A court in Moscow has fined Google's parent company Alphabet Inc for failing to remove contentious videos.
The US tech giant was handed two fines totalling 11m roubles ($135,000) for "administrative violations". The Tagansky District Court in Moscow said the company had distributed inaccurate data about Russian troop losses and civilian casualties in Ukraine, according to TASS news agency.
One of the videos was said to show a phone conversation between Russian soldiers and their relatives back home. The troops were said to be complaining of casualties in their ranks.
Some foreign social media platforms, including Facebook and Instagram, have been blocked in Russia. YouTube, however, remains available.
Russia's communications watchdog has previously said it would take steps to punish Google for "spreading fakes" on YouTube, and had warned the US company it would be fined if it failed to comply.
Google has faced action from Russia before. It was fined 7.2bn roubles ($90m) roubles in December 2021for failure to delete content deemed illegal in Russia.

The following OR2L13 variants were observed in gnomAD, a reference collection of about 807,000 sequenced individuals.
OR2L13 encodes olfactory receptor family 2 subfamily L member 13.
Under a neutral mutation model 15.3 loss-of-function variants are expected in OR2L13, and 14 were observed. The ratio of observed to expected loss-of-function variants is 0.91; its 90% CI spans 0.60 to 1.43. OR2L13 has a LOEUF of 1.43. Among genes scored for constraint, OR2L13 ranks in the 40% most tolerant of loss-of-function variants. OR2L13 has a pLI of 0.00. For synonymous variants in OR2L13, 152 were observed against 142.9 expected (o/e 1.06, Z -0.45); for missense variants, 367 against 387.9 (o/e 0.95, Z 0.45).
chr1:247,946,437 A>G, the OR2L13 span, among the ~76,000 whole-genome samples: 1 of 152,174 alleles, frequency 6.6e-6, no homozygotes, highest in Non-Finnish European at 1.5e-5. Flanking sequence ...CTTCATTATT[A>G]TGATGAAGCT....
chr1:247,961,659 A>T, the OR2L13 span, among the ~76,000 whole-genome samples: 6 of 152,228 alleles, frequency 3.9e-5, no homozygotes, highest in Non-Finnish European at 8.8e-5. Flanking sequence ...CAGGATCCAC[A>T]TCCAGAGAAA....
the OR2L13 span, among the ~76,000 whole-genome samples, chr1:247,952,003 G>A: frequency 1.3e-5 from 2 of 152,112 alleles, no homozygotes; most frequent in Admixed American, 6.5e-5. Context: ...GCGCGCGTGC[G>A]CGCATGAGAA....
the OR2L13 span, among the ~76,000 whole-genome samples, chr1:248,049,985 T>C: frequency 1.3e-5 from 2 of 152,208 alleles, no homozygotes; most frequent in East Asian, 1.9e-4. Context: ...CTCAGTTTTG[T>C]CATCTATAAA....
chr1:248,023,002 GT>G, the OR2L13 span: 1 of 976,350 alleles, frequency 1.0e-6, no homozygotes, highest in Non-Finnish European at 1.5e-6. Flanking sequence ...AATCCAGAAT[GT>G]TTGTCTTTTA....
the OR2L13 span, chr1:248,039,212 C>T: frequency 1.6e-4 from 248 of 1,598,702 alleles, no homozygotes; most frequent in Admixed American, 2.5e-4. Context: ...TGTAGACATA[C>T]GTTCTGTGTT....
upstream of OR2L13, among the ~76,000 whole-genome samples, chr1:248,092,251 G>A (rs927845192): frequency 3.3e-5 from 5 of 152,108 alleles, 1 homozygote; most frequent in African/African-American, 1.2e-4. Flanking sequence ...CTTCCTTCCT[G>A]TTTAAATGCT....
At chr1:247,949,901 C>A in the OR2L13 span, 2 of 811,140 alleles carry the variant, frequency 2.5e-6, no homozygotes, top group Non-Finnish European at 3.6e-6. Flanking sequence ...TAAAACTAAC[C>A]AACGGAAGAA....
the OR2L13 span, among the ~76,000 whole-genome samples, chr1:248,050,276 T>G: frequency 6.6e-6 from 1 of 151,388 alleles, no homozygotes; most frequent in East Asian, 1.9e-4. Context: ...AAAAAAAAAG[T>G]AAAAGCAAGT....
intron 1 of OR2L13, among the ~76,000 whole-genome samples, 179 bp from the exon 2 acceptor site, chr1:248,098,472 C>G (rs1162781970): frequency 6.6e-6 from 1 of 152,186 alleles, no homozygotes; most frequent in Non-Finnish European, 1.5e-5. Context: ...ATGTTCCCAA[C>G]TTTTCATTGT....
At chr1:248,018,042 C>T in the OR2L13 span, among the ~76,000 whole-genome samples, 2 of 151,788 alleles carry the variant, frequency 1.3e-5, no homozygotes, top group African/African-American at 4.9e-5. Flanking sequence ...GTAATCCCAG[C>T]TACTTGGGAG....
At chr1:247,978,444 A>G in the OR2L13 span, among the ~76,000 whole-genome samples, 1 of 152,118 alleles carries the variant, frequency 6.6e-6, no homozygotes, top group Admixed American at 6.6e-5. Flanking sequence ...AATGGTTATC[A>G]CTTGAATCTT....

The TASS news agency said the fines pertained to what Moscow considers the distribution of inaccurate data about Russian troops losses and civilian casualties in Ukraine, as well as the distribution of video clips on YouTube produced by Ukrainian far-right groups such as the nationalist Azov battalion.
Russia sent tens of thousands of troops into Ukraine on Feb. 24 in what it called a special operation to degrade its southern neighbour’s military capabilities and root out people it called dangerous nationalists.
Ukrainian forces have mounted stiff resistance and the West has imposed sweeping sanctions on Moscow in an effort to force it to withdraw its forces.
The Kremlin is increasingly squeezing the free flow of information online for Russians as its war with Ukraine continues.
Russia has banned Meta, the parent company of Facebook and Instagram, for "extremist activities," while carving out an exception for the company's WhatsApp messaging service. Using Twitter is getting harder too. TikTok is no longer letting people in Russia upload new material after the country passed a law criminalizing so-called "false information" about the invasion.
Other popular apps, like YouTube and messaging app Telegram, are still available and widely used.
Meanwhile, many Russians are outfoxing the bans by turning to virtual private networks, or VPNs, to access blocked social media networks and news sites. VPNs are widely used to get around internet restrictions in places like China. Demand for VPNs in Russia was 2,692% higher on Mar 14 than it was in the week prior to the invasion, according to Top10VPN, a privacy monitoring service.